Friday, 08 January 2021
The European Commission proposed on Friday to the EU Member States to purchase an additional 200 million doses of the COVID-19 vaccine produced by BioNTech and Pfizer, with the option to acquire another 100 million doses.
This would enable the EU to purchase up to 600 million doses of this vaccine, which is already being used across the EU. Altogether the Commission has secured up to 2.3 billion doses from the most promising vaccine candidates for Europe and its neighbourhood.
The additional doses will be delivered starting in the second quarter of 2021. “To rebuild EU’s economy, we have to vaccinate as many as possible as soon as possible,” Commission President Ursula von der Leyen said at a special press conference today. The additional doses acquired from Pfizer/BioNtech had been made possible by the Commission’s early investment in capacity building, she explained.
Some EU member states have reportedly been considering buying more vaccine doses on their own but von der Leyen underlined that the Commission’s vaccine contracts with several pharmaceutical companies are legally binding for all member states and that its framework excludes any parallel negotiations.
She rejected also any criticism that the additional acquirement of doses was a sign of that the Commission had not done enough to secure enough doses. “We are now reaping the benefits of our early investments in capacity building and our strategy to buy vaccines from a basket of vaccine producers.” She added that the Commission had bet on the “right horse”.
Von der Leyen was aware of the, until now, slow rollout of the vaccination programmes in the member states but was still “impressed” by how the member states are moving forward despite logistical challenges. She promised also that the Commission will monitor vaccination progress in the member states.
Until now the Commission spokespersons have been unable to reply to questions about how many vaccine doses have been delivered to the member states. Von der Leyen mentioned the need to set priorities by the member states. Confusion still reigns about whether health care staff or elderly people or both groups should be vaccinated first. In for example Sweden, health care staff were not included in the first round.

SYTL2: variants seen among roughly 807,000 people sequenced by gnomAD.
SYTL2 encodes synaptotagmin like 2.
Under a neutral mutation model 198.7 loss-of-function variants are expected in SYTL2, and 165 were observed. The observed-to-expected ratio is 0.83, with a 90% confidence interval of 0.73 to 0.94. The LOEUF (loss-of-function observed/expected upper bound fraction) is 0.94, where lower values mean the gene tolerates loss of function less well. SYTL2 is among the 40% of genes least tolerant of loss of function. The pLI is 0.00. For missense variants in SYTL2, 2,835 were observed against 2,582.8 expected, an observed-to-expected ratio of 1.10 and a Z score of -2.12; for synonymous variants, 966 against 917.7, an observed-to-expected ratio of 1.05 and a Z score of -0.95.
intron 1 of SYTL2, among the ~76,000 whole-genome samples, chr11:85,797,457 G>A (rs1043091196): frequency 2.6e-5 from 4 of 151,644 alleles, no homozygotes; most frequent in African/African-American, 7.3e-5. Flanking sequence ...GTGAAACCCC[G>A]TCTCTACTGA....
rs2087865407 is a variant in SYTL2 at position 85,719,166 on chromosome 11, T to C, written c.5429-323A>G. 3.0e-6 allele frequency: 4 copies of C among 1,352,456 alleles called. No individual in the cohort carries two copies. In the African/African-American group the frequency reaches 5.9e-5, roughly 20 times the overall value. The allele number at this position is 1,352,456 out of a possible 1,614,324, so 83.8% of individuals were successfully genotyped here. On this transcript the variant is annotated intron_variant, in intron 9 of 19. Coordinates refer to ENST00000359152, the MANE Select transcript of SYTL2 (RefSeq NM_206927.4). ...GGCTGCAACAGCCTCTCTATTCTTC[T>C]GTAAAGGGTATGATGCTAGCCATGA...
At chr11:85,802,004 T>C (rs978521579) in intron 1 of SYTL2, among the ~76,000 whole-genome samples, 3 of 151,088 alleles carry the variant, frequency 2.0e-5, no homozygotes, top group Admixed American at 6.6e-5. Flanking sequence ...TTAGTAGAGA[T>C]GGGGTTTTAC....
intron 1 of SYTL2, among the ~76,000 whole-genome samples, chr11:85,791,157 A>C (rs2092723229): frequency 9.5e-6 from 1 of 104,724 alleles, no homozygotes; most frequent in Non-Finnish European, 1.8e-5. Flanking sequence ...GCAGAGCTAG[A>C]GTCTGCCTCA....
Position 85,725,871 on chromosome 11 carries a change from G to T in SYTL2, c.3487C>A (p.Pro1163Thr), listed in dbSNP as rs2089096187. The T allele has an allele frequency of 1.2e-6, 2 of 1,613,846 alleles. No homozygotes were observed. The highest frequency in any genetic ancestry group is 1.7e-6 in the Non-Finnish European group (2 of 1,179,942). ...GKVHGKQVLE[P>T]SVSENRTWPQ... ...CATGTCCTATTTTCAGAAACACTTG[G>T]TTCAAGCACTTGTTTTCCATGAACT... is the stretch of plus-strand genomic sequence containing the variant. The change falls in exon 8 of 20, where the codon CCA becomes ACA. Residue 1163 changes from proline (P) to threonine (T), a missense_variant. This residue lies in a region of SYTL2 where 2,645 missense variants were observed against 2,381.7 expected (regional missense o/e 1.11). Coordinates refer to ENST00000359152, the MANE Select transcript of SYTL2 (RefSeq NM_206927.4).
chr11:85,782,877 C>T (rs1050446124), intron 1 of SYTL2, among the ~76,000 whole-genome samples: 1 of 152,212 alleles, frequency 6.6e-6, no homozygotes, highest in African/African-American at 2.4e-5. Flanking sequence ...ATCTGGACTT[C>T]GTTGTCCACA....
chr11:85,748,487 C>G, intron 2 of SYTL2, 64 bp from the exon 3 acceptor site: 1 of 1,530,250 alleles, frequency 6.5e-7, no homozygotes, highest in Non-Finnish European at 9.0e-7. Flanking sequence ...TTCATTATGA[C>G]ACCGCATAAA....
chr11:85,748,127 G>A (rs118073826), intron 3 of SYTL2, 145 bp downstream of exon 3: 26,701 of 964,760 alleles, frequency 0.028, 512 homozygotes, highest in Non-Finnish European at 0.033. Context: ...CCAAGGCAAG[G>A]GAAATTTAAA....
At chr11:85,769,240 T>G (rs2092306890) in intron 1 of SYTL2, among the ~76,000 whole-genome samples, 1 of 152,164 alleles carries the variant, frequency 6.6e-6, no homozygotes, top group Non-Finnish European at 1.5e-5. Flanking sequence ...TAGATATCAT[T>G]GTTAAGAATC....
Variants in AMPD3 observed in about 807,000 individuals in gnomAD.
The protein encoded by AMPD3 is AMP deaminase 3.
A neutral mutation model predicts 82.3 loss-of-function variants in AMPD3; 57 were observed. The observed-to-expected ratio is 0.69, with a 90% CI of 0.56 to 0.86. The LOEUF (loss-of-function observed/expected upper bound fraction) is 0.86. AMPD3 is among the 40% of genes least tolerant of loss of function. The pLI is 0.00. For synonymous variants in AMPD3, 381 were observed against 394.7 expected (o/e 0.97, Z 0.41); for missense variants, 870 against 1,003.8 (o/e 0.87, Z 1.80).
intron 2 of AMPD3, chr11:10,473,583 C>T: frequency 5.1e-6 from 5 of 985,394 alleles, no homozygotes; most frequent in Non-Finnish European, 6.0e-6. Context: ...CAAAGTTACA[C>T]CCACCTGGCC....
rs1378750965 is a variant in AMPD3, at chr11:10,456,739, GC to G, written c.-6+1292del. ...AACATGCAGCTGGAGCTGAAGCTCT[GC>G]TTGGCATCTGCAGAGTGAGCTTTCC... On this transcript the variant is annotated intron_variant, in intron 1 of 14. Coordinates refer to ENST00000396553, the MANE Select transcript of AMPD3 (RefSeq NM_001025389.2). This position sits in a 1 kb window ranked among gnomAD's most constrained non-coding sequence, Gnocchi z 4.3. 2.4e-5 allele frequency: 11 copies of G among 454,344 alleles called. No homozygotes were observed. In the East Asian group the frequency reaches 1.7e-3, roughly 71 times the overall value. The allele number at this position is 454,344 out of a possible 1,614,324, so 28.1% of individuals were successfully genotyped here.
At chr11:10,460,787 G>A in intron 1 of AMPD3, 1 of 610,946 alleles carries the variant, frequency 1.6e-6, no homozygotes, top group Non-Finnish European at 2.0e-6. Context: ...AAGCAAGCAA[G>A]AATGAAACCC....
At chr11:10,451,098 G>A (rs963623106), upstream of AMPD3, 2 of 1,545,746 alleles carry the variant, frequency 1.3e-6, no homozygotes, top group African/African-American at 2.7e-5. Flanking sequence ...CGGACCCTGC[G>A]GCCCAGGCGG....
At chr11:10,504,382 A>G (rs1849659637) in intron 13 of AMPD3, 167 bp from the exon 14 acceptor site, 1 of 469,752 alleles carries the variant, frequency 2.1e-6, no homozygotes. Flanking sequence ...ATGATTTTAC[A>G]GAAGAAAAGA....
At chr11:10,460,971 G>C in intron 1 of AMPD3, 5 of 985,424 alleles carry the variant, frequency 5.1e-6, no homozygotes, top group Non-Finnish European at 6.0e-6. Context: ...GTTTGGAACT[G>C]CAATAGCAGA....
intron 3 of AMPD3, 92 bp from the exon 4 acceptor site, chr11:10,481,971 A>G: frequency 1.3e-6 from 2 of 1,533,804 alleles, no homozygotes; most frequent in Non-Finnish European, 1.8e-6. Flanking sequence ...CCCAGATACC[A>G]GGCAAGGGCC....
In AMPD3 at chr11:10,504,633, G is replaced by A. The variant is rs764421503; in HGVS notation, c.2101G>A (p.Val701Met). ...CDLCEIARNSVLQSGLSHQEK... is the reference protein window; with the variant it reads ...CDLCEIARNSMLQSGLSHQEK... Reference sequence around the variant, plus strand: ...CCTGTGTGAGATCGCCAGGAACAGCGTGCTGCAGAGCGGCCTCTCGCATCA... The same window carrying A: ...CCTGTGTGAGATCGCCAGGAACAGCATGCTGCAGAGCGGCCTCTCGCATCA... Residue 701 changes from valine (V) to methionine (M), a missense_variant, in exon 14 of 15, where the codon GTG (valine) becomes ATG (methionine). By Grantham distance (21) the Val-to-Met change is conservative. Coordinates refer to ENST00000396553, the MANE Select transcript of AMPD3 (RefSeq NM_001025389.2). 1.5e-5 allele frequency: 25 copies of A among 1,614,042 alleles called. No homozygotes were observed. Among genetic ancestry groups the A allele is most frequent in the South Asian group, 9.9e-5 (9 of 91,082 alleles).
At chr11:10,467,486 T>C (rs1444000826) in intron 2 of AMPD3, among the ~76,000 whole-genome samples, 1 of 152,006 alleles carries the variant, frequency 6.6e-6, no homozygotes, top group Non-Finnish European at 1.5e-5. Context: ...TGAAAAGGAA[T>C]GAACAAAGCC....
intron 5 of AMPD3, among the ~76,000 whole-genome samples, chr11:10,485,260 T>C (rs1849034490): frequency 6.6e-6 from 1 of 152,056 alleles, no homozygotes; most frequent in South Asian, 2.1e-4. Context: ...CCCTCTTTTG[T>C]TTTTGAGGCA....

Despite today’s announcement, the member states will be facing shortages to vaccinate all priority groups, not to speak about the entire population, until the second quarter of 2021. In fact, only a few countries in the world have got off to quicker start than the EU.
One exception is Israel, which managed to acquire 4 million Pfizer doses in December, and by now has already vaccinated about 15 % or 1,5 million of its population, mainly health care staff and elderly 60+. With additional doses in the pipeline, Israel plans to vaccinate 70 % or more of its population by April or even in time for coming elections on 23 March.
The Israeli success is explained by Pfizer’s interest in rolling out its vaccine in a relatively small country with an effective health care infrastructure in the form of public sick insurance services that cover the whole population. Pfizer will also benefit from follow-up data from the vaccinations in Israel. Every person who gets vaccinated is contacted afterwards and asked to fill in a form about how he or she feels.
“Thanks to millions of vaccinations and a brief strict lockdown, we’ll save many lives and will be the first in the world to open up the economy,” Prime Minister Netanyahu said. Israel entered its third lockdown on Friday, facing high daily numbers of infections and a test positivity rate of about 7 %. The lockdown is expected to last at least two weeks.
The Israeli government has been criticised for many blunders since the first coronavirus wave hit the country and for having politicised its lockdown measures. Netanyahu counts on that the blunders will be forgotten and intends to take credit for the quick rollout of vaccinations where he no doubt played a more proactive role compared to most political leaders in the EU.
The Brussels Times